Google Play’s new NFT policy: a game-changer for web3 games, or too little too late?


Google is effectively opening up its Play store to web3 gaming later this year.

The blog announcing the change comes with some caveats. Developers must be transparent about NFT usage in their games, and studios cannot “promote or glamorize any potential earning from playing or trading activities” – so play-to-earn is a pretty clear no-no.

Google will not allow NFTs to be included in gacha-type mechanics either, which is fair. The policy changes are effective as of December 7, and are outlined in more detail here.

The tech giant also provided a video explainer – we’ve skipped to the bit that refers specifically to the blockchain policy here:

The trouble is, all this feels like it has come months, if not over a year after the wave of hype around NFT and blockchain-enabled game development hit – and parted so many investors with their cash.

Since then, we’re aware of a couple of studios that raised funds as web3 specialists that have quietly pivoted away from it, and after a multitude of scandals in the wider blockchain space, skepticism is arguably greater than ever.

This part of the games business needs a genuine breakout hit soon to prove players actually want this stuff. And now investors are betting big on AI, the funding, hype and chatter around this space isn’t anywhere near what it was in early 2022.

So, after Google’s policies were announced, we asked several well-known figures from this space for their thoughts on the changes. Here’s what they said:

Magic Eden head of games Chris Akhavan:
“We’re really encouraged to see Google Play officially welcoming web3 enabled games and apps on their platform. Mobile remains the largest distribution platform in the world by far, and the barriers to exploring web3 integration into mobile apps have definitely held the industry back. The new messaging from Google is likely to revive interest in exploring the use of NFTs among mobile game studios and give the broader ecosystem a boost of confidence to be able to invest in building great mobile games and apps.

We hope to see both Apple and Google continue to explore how to unblock key issues for web3 developers. In particular, the requirement around using Apple/Google’s fiat-based in-app purchase exclusively for all payments related to games, NFTs and other content makes it very hard to enable users to exchange value through crypto currencies or to use noncustodial wallets. Hopefully we’ll see some more openness in this area down the line.”

Great Big Beautiful Tomorrow CEO Chris Heatherly:
“Mobile as an industry is stuck right now and Google seems to understand we need to innovate to continue growing. The policy is largely fair and mitigates against many of the problems we saw in early web3.

However, I think the prohibition of NFT loot crates, as one example, show how web3 games are going to have to be designed with these policies in mind and it will be harder to just graft a meaningful web3 element onto existing games. Overall, this is good news that will allow a ton of innovation at a time the industry desperately needs it.”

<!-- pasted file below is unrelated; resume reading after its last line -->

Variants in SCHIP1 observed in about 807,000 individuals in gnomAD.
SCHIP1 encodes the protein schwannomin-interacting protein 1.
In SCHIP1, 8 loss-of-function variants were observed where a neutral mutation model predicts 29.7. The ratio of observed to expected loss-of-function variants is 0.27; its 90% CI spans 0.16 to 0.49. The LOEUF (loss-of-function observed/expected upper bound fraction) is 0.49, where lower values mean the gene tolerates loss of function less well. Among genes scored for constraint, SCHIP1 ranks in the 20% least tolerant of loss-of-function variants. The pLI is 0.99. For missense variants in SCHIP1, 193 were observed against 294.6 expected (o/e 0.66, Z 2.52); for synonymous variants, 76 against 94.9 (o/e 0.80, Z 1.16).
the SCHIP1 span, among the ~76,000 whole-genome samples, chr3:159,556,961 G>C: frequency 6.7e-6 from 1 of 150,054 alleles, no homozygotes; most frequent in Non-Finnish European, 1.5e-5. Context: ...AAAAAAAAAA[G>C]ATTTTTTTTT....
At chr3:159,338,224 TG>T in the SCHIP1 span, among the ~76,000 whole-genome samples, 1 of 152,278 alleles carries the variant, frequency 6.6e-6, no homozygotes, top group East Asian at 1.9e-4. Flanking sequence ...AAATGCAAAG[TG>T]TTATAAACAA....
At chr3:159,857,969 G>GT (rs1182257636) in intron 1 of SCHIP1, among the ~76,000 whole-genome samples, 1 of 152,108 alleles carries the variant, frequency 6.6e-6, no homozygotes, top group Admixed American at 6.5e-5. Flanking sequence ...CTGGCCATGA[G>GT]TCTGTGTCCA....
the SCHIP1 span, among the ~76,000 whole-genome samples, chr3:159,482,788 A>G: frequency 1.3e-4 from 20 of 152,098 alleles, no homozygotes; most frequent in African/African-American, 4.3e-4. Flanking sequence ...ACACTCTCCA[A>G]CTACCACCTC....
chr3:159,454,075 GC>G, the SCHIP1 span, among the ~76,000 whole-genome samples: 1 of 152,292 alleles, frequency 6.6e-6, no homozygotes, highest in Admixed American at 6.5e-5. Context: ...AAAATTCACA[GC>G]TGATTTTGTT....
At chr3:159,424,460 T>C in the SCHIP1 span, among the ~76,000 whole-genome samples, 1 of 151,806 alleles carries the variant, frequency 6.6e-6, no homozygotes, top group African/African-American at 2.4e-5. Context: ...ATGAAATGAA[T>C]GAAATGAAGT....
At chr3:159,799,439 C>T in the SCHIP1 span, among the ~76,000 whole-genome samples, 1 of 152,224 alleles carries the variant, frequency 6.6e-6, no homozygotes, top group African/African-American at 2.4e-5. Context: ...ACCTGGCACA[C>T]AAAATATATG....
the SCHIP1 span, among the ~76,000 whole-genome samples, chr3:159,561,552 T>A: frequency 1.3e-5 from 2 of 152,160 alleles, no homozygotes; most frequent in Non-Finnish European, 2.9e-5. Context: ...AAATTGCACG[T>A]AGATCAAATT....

Village Games CEO Will Luton:
“My first thought on this: Why now? The consumer demand for NFTs are at an all-time low and the general buzz has died away. I suspect that there’s a lot of pressure from the devs who raised funding in the bubble of the last few years who really need a mass market platform to show traction. Because it isn’t anywhere else.

With IDFA, off portal billing, side loading and all the developer disquiet towards Apple, I suspect Google want to capitalise on that and have Android be the default lead platform for devs and even attract exclusive content. Already if you’re interested in web3 you have to be on Android, this cements that.”

Mighty Bear Games CEO Simon Davies:
“It’s hugely significant because it gives developers clarity on what the rules are. We want to respect and build within clear guidelines and this gives us the clarity needed to invest and start rolling out new games and experiences .

There’s never been a better time to be building in Web3 than today. This is a once in a decade moment where a new platform emerges. Like with mobile, those who are at the outset will reap huge rewards further down the line.”

Blockchain Game Alliance director of global development Flavien Defraire:
“Google’s decision to change its policy toward blockchain based apps is incredibly exciting news, especially for those who have been tirelessly working on cross-platform development with the anticipation of such advancements.

This forward-thinking approach presents a remarkable opportunity to explore new avenues of creativity in gaming.”

Ultra co-CEO and founder Nicolas Gilot:
“It feels like a significant step towards integrating blockchain technology into our everyday lives and making it more accessible to a broader audience.

Apple has taken a more cautious stance. It remains to be seen whether Apple will follow suit, however, if Google’s policy change proves successful and attracts developers and more users, it may apply pressure on Apple to reconsider its current approach. The impact of these small wins will undoubtedly shape the decisions of gaming giants in the near future.”

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